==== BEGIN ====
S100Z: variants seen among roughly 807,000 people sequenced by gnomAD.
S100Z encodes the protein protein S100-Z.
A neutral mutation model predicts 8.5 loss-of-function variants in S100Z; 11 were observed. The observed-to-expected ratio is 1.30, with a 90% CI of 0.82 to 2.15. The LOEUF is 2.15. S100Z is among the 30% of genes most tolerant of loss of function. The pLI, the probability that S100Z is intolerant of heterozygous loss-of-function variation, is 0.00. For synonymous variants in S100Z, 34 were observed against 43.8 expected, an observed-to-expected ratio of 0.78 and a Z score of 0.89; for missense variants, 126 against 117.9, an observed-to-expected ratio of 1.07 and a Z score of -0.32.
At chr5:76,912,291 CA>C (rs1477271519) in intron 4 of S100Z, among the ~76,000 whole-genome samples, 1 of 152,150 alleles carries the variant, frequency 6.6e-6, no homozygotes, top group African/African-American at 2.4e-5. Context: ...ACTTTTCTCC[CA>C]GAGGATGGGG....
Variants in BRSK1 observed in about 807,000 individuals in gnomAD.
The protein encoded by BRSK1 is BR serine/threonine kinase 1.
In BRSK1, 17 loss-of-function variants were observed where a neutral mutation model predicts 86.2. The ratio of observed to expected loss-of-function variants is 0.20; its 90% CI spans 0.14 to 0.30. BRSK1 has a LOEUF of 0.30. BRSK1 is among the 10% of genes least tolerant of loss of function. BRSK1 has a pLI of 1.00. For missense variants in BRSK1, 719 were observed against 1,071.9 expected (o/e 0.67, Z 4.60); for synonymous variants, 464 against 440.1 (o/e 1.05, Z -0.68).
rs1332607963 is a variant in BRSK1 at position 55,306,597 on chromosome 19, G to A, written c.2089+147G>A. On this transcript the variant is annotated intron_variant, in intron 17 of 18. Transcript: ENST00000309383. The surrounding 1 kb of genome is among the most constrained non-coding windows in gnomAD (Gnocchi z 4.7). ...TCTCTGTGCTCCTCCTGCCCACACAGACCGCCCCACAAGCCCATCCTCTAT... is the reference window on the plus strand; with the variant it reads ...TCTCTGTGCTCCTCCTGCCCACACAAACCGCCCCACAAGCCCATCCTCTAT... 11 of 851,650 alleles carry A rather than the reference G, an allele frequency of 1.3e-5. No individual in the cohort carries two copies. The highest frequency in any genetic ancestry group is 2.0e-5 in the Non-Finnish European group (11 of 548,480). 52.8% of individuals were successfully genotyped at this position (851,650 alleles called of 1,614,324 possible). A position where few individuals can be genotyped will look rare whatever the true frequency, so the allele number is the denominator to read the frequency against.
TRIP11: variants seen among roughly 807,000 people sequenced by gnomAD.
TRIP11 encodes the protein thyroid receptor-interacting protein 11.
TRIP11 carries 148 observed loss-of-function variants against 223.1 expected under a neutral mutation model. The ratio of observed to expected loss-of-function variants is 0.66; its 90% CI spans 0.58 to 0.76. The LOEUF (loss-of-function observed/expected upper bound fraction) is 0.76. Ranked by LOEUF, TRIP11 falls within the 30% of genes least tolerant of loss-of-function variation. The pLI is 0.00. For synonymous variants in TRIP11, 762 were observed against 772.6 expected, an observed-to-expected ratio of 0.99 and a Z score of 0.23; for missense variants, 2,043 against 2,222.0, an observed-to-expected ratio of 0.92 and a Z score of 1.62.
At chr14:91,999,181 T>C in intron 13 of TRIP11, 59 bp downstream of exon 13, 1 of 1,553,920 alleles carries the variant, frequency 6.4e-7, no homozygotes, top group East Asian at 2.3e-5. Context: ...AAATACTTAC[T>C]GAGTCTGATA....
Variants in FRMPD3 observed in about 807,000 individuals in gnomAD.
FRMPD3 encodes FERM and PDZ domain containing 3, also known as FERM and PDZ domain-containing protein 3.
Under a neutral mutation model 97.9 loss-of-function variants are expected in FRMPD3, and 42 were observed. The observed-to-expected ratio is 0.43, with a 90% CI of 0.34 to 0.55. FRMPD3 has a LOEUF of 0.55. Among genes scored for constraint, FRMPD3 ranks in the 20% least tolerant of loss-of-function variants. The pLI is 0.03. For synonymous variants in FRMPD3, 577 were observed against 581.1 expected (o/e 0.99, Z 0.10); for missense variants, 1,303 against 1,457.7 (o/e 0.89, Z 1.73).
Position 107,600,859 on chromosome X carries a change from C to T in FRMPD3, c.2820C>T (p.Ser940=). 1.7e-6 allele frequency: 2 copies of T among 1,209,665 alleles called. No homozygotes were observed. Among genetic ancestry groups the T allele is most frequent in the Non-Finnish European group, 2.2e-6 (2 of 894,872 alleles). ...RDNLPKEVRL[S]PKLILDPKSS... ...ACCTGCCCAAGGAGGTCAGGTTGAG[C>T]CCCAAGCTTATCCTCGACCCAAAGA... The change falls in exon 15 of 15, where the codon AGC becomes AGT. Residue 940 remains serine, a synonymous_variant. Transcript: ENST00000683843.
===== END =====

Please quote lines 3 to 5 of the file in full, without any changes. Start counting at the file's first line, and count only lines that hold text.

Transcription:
A neutral mutation model predicts 8.5 loss-of-function variants in S100Z; 11 were observed. The observed-to-expected ratio is 1.30, with a 90% CI of 0.82 to 2.15. The LOEUF is 2.15. S100Z is among the 30% of genes most tolerant of loss of function. The pLI, the probability that S100Z is intolerant of heterozygous loss-of-function variation, is 0.00. For synonymous variants in S100Z, 34 were observed against 43.8 expected, an observed-to-expected ratio of 0.78 and a Z score of 0.89; for missense variants, 126 against 117.9, an observed-to-expected ratio of 1.07 and a Z score of -0.32.
At chr5:76,912,291 CA>C (rs1477271519) in intron 4 of S100Z, among the ~76,000 whole-genome samples, 1 of 152,150 alleles carries the variant, frequency 6.6e-6, no homozygotes, top group African/African-American at 2.4e-5. Context: ...ACTTTTCTCC[CA>C]GAGGATGGGG....
Variants in BRSK1 observed in about 807,000 individuals in gnomAD.